The world has lost a food icon and a friend.
After a long illness, Judy Seidler passed away in the early hours of October 31 at the age of 92.
A noted food authority, author (including The Gourmet Jewish Cookbook), television host, and restaurateur, Seidler believes that enjoying food and wine together is one of the most fulfilling aspects of life. and cooking and entertainment should be fun.
Her family says, “One of her greatest joys has been sharing her love of food and cooking by writing, teaching, and entertaining friends old and new.” .
She was too busy to open a kitchen or donate a cooking class to benefit charity.
Through cooking classes, she inspired her students to cook and entertain themselves at home. She was too busy to open a kitchen or donate a cooking class to benefit charity.
A longtime contributor to the Jewish Journal (1994-2017), Seidler contributed to the Los Angeles Times for over 20 years (1977-2000). Most of her time was spent as a writer for The Times’ Jewish Food, partly as her columnist for the Syndicate, and as a special contributor in her later years. Readers around the world looked forward to Seidler’s articles on Jewish holidays. In fact, her Potato Latke recipe won her the Los Angeles Times Best Her Recipe Award.
Born in Boyle Heights (City Terrace), Los Angeles in 1930, Seidler moved with his family to Eagle Rock, where he graduated from Dorsey High School. During her teenage years, she met Marvin her Seidler at her dance at the Bnai Bliss Eight Ball. They married a few years later in 1950.
In 1963, the Seidler family moved to a ranch in Topanga Canyon, and with four children and another to be born, her career as a chef began. She made Discovery her inn’s signature her strudel and was able to bake it right to order.
During the 1980s and 1990s, she hosted “Judy’s Kitchen” on the Jewish Television Network (JTN). In 1990, ‘LA Times’ said that ‘she is probably the most famous show on JTN’. After several years of episodes about Jewish and holiday cooking, her show began hosting many of Los Angeles’ top chefs and unraveling the mysteries of kosher cooking. Evan Kleiman, Michael McCarty, Josie Le Baruch, Michelle Richard, and Susan Fenniger and Mary Sue Milliken made their first television appearances. summarized in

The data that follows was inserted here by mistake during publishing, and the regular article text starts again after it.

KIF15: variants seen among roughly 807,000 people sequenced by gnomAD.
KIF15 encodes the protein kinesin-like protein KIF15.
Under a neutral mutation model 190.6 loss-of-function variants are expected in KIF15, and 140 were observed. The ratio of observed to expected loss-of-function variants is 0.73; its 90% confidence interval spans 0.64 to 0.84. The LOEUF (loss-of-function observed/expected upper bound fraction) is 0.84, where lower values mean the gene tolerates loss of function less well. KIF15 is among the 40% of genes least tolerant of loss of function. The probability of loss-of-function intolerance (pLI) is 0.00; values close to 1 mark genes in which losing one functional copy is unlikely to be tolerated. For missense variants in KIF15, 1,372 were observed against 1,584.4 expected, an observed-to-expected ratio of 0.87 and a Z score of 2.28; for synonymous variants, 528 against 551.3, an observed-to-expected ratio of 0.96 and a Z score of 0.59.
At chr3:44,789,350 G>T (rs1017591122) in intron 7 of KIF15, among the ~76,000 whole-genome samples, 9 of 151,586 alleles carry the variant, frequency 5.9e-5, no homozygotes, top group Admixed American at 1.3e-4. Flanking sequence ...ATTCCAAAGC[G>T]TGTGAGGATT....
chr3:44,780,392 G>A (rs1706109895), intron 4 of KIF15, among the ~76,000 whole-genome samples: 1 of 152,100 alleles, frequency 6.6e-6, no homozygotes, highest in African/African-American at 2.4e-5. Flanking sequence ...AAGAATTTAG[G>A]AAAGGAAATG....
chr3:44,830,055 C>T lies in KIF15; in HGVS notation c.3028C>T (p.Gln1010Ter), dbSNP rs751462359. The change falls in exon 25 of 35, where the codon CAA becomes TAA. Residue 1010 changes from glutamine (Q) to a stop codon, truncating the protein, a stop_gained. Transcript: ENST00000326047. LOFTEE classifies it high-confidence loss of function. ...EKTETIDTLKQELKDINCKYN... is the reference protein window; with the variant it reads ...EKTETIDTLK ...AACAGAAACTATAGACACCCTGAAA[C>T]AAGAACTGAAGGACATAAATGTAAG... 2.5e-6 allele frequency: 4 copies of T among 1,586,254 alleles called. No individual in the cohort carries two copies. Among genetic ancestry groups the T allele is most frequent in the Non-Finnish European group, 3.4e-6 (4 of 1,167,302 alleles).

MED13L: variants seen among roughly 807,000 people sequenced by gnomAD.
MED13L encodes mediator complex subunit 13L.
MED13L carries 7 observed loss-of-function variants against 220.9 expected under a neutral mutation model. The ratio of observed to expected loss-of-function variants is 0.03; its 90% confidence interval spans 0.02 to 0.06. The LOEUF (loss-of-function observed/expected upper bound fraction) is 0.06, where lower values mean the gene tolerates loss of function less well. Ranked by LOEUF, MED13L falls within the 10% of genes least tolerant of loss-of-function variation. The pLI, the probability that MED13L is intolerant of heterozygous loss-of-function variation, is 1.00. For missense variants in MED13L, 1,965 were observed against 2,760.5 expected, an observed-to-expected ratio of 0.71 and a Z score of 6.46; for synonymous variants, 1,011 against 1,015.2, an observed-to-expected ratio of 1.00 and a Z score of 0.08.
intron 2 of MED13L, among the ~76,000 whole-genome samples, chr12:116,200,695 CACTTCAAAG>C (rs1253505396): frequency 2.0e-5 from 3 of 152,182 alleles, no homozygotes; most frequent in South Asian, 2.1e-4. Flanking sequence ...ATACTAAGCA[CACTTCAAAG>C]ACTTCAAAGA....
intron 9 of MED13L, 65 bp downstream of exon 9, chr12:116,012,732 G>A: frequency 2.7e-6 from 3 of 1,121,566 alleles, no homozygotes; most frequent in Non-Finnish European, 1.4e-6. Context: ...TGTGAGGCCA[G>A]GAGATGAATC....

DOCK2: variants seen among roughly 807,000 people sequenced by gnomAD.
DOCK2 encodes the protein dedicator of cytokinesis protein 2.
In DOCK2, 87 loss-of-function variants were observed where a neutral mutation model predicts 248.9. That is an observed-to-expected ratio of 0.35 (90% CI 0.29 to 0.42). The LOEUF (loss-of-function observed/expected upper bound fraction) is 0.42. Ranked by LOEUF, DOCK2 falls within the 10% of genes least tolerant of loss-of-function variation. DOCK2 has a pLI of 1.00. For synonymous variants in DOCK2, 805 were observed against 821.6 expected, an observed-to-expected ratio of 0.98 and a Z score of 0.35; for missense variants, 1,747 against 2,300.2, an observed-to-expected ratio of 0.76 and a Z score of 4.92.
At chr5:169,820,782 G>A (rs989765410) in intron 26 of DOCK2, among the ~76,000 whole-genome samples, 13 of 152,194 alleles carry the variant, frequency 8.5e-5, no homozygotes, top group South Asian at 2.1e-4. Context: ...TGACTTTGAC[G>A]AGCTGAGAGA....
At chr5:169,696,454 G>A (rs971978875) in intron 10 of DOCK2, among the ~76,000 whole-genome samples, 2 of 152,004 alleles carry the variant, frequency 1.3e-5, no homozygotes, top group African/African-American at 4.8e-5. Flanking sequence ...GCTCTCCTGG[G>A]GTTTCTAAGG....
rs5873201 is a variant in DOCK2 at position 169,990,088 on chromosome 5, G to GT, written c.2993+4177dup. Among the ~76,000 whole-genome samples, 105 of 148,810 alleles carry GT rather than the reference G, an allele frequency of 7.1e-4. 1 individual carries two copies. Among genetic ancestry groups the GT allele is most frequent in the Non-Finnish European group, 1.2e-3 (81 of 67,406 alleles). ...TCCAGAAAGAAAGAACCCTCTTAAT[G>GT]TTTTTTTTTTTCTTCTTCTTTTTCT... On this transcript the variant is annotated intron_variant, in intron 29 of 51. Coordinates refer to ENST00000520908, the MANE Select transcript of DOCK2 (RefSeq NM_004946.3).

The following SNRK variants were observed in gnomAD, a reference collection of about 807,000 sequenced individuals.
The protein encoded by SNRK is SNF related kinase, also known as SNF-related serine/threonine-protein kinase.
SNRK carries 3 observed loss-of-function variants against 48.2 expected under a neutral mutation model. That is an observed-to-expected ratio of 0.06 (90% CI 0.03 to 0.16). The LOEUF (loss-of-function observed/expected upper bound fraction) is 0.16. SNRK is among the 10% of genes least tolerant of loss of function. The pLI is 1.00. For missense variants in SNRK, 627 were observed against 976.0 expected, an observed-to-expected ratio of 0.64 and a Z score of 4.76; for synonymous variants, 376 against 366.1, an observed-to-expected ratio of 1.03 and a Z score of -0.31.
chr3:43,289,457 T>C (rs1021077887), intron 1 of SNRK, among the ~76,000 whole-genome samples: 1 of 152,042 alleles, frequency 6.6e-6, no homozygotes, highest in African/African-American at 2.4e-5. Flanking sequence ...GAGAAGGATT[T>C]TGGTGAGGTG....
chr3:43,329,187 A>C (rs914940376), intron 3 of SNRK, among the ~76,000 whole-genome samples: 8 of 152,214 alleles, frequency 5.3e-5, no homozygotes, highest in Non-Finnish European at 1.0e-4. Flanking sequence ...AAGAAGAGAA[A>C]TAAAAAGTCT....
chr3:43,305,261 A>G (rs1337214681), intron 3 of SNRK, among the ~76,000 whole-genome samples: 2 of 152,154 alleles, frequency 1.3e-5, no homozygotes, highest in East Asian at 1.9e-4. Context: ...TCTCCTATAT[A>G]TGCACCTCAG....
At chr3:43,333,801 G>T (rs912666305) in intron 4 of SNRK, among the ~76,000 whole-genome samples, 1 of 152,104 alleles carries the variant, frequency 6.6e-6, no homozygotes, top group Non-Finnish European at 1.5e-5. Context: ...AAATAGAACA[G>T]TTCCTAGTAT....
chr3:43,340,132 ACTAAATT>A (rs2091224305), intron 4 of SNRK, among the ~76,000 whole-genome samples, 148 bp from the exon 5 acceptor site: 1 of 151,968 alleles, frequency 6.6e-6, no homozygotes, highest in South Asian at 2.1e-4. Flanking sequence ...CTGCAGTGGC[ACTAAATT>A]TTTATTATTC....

Restaurateurs, art collectors and philanthropists, the Seidlers were a team during their 72 years of marriage and the decade before that. They spend several months each year in Italy and France, visiting restaurants, food and wine providers. Collect new recipe ideas and food inspiration.
Her last book, Italy Cooks, was in many ways a memoir of her 35-year trip to Italy, including her friends’ recipes. These friends were top restaurateurs from all over Italy, including Massimo Bottura, Nadia Santin and Dario Cecchini, and became close with them when Seidler had a small butcher shop.
Other Zeidler cookbooks include “Judy Zeidler’s International Deli Cookbook” and “30-Minute Kosher Cook”. She also co-authored “Home Cooking with a French Accent” with French chef Michel Richard. A frequent guest on national television and radio programs, Seidler has served on the boards of several food and wine associations.
Zeidlers also prides herself on supporting future artists, especially those in Los Angeles, and has included them in her cookbook as well. The Gourmet Jewish Cookbook is illustrated by Peter Shire. “Italian Cook” by Suzanne Dunaway. Zeidlers Art Her collection includes early works by Duane Her Valentine, Sam Francis and John Altoon.
The Seidlers co-founded popular citrus restaurants in Los Angeles, Broadway Deli and Capo in Santa Monica, Coras Restaurant, Brentwood Restaurant in Brentwood, and Brass Cap in Santa Monica.
They became early supporters of the Skirball Cultural Center, still housed at Hebrew Union College, and later created restaurants at Skirball, Seidler’s Cafe and now Skirball, Judy’s Counter.
“Throughout over 40 years of a treasured friendship with Judy and Marvin Seidler, Mina and I have been in awe of Judy’s unique ability to revel in time and season, festivals and celebrations, birthdays and anniversaries. She never forgot one and celebrated each in a unique way,” Skirball founder Rabbi Uri Herscher told the Journal.
According to Herscher, there was a special and delicious meal for every occasion, followed by photos and comments from Zeidler a few days later, and they tasted as good as the meal itself.
“Her circle of warmth and hospitality encompassed us in the moment and beyond,” he said. “Judy’s zest for life was our constant joy. and only love surpassed it.”
In addition to her son Mark, who passed away last year, Judy Seidler is survived by her parents and younger sister, Shalyn Royale. She is survived by her husband Marvin, her four other children, seven grandchildren and four great-grandchildren.
The kitchen may feel a little empty, but may the memory of Judy Seidler and her meaningful contribution to the Jewish food world be blessed.